Black chalk, inscribed in pen Bossi; 187 x 238 mm.
PROVENANCE: originally part of an an Album amicorum owned by Teresa Barzellotti Benvenuti, daughter of the painter Pietro Benvenuti.
The drawing is connected, as Emiliano Orsini pointed out, with one of the most celebrated paintings by Giuseppe Bossi, Il Seppellimento delle ceneri di Temistocle in terra Attica (The Burial of the Ashes of Themistocles), now at the Accademia di Brera, in Milan.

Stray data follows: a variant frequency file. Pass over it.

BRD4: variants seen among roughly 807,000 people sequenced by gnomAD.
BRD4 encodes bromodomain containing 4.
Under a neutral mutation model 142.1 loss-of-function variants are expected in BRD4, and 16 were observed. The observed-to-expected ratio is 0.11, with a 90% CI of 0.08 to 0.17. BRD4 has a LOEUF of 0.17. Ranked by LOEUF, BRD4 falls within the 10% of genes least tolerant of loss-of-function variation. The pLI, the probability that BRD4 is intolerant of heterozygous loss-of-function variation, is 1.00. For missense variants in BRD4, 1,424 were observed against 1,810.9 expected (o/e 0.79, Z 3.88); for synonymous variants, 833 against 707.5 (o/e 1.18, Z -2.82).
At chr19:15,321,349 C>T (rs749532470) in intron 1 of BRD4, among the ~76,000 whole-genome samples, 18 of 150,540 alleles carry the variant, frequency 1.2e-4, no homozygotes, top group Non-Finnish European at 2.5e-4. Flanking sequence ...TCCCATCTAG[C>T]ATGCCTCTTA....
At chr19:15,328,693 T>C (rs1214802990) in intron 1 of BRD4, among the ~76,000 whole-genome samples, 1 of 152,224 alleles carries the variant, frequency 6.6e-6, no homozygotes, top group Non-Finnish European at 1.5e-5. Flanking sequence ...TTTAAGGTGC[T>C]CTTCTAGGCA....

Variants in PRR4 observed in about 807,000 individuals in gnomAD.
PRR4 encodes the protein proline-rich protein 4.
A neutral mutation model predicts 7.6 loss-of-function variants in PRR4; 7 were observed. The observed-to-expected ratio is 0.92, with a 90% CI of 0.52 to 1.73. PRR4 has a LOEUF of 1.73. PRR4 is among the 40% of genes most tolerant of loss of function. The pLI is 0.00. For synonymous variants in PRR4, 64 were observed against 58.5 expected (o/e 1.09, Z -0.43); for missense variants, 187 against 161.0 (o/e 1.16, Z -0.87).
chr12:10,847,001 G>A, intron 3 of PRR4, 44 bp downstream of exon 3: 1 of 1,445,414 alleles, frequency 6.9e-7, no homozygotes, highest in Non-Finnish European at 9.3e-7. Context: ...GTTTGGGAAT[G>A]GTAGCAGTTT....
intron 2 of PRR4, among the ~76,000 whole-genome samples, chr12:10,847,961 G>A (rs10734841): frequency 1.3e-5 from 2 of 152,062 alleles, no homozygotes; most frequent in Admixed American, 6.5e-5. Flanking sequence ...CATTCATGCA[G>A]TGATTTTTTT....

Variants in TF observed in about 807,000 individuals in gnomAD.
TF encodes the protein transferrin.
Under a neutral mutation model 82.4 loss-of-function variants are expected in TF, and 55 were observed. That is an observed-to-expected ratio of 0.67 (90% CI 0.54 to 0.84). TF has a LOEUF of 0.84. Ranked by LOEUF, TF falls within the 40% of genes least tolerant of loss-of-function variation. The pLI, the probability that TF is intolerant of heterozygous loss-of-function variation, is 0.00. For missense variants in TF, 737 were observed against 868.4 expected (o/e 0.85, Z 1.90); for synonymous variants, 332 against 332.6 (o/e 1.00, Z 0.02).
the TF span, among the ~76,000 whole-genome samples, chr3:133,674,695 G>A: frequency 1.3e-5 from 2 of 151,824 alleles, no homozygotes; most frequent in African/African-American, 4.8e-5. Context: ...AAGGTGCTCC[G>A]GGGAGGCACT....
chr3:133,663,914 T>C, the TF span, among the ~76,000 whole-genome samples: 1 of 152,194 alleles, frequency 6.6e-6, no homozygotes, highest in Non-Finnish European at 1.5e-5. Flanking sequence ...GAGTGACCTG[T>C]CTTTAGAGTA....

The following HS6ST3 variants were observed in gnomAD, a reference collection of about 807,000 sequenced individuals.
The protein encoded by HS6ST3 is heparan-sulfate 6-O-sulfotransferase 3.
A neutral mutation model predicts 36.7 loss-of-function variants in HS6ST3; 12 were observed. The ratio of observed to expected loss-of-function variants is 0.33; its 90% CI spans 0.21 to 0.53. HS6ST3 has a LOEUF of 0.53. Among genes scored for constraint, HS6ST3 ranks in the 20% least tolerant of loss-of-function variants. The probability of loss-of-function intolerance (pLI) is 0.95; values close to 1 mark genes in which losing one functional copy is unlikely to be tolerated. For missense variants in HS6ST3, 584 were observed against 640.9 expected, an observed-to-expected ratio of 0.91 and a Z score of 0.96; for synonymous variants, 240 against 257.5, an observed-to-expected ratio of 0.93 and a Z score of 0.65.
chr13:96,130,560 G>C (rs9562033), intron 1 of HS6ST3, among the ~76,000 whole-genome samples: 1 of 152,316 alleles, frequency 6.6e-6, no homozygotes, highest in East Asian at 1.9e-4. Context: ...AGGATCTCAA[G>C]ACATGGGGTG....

Bossi trained, at the Brera Academy, with Giuliano Traballesi and Andrea Appiani, a friend with whom he later collaborated. In Rome between 1785 and 1801, he studied Michelangelo and began a long friendship with Canova. In 1802 Bossi travelled to Lyon, France, where he met Neoclassical painters such as Jacques-Louis David. In addition to being a designer and an academic painter, Bossi was an intellectual and a scholar. He played an important role in Napoleonic Milan. His Jacobin sympathies gained for him the position of secretary of the Brera. Because of Bossi's reforms, which formed the foundation of the Italian academic system, the Brera became the most prestigious academy in Italy. During his short life, Bossi wrote poetry, criticism and art history, and formed an important collection of old master drawings, as well as a rich library.